Our Scotland Coordinator has collaborated with tara s Beall across a number of projects. They connected over an editathon at the Glasgow Museums while Sara was a resident at the Museums Galleries Scotland. They later ran an editathon at the Glasgow Women’s Library with tara’s Strong Women of the Clydeside (SWaC) project team, and then another (also for SWaC) at the Mitchell Library when Sara was Wikimedian at the Scottish Library and Information Council. tara maintained the connection with Wikimedia across various projects she was working on. In this way she operated as a partnership lead, but could also be described as a lead community organiser, bringing a Wikimedia element into any project she was working on. She would also volunteer in some editathons run by Sara outside of her work projects.
tara connected with Sara early in 2018 to talk about a potential wiki connection with her new project. This was a Dumfries activity focused on the stonecarving heritage of the area.
When it comes to community heritage, it’s all too common to see excellent digital outputs disappear shortly after the project finishes – websites that expire, apps that aren’t maintained, content held on a third-party commercial service that’s bought out and subsequently vanishes.
With this in mind, Sara helped set up a Wikimedia activity for the Stonecarving project. The Dumfries Stonecarving Project aims to promote the rich stonecarving heritage of the area, and includes practical taster sessions, summer schools with local young people, an exhibition, and workshops and ‘stonecarving quests’ with photography groups to record some of that heritage. Using Wikimedia Commons and Wikipedia, the project seeks to give this heritage a global audience, disseminating it through channels which have longevity, and which can, through tools like Magnus Manske’s GLAMorgan, give them insight into where their content is being used.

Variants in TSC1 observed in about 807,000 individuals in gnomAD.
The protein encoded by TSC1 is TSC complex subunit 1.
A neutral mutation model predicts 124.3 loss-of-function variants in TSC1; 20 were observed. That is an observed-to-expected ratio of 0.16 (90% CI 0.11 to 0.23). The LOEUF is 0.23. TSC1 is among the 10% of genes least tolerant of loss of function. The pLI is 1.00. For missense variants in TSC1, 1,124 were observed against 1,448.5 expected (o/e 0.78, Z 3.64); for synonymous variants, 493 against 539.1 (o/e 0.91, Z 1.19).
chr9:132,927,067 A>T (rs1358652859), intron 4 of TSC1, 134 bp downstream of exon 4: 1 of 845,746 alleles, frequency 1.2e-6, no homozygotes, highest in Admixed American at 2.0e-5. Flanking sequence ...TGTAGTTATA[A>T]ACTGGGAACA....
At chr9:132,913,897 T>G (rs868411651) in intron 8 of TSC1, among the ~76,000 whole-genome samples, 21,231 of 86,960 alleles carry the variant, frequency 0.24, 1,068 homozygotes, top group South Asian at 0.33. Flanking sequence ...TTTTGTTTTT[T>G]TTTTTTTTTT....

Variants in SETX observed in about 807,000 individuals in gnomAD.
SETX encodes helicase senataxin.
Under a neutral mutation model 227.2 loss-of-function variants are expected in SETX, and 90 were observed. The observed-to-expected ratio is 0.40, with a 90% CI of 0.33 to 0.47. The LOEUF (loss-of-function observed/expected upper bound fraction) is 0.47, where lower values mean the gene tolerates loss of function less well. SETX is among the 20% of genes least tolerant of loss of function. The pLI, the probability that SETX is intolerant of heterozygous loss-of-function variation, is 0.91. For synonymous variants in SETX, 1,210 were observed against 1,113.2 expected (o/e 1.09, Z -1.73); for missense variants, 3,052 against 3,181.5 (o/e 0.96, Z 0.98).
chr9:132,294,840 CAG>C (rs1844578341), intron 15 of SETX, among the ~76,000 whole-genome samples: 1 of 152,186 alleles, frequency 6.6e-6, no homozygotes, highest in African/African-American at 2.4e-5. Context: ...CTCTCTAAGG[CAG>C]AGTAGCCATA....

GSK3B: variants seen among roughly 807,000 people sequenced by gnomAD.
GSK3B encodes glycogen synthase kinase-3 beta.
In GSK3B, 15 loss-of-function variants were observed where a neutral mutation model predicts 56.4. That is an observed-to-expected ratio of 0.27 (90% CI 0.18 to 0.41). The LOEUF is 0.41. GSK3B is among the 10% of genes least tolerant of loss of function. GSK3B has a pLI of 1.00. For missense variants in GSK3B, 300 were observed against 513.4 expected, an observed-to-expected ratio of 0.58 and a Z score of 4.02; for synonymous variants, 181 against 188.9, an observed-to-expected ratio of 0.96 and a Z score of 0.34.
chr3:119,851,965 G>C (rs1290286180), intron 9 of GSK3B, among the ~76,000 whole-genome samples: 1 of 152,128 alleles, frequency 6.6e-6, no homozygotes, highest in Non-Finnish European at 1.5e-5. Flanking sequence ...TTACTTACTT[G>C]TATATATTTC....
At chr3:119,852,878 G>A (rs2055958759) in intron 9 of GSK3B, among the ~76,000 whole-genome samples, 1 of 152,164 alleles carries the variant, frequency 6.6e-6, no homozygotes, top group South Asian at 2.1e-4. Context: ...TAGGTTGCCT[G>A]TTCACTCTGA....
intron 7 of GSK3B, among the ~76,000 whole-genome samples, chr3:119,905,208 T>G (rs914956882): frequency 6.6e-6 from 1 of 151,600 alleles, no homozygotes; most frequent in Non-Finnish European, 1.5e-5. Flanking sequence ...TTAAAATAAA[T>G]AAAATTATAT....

It has been a very positive experience working with an organisation that sees the potential in using open licensing and engaging with the Wikimedia projects in ensuring the sustainability of their digital outputs.
Within this project, tara s Beall is both a community leader and a partnership contact. The project itself is also building a community of volunteer contributors. Sara has been training volunteer photographers connected with the stonecarving project who then upload their photos to Commons. This is an example of how the community support in Scotland connects volunteer and partnership work.
Programme 2: Promoting open knowledge
Overall goal: To support the development of open knowledge in the UK, by increasing the understanding and recognition of the value of open knowledge and advocating for change at an organisational, sectoral and public policy level
|Metric||2017-18 full year achieved||2018/19 full year target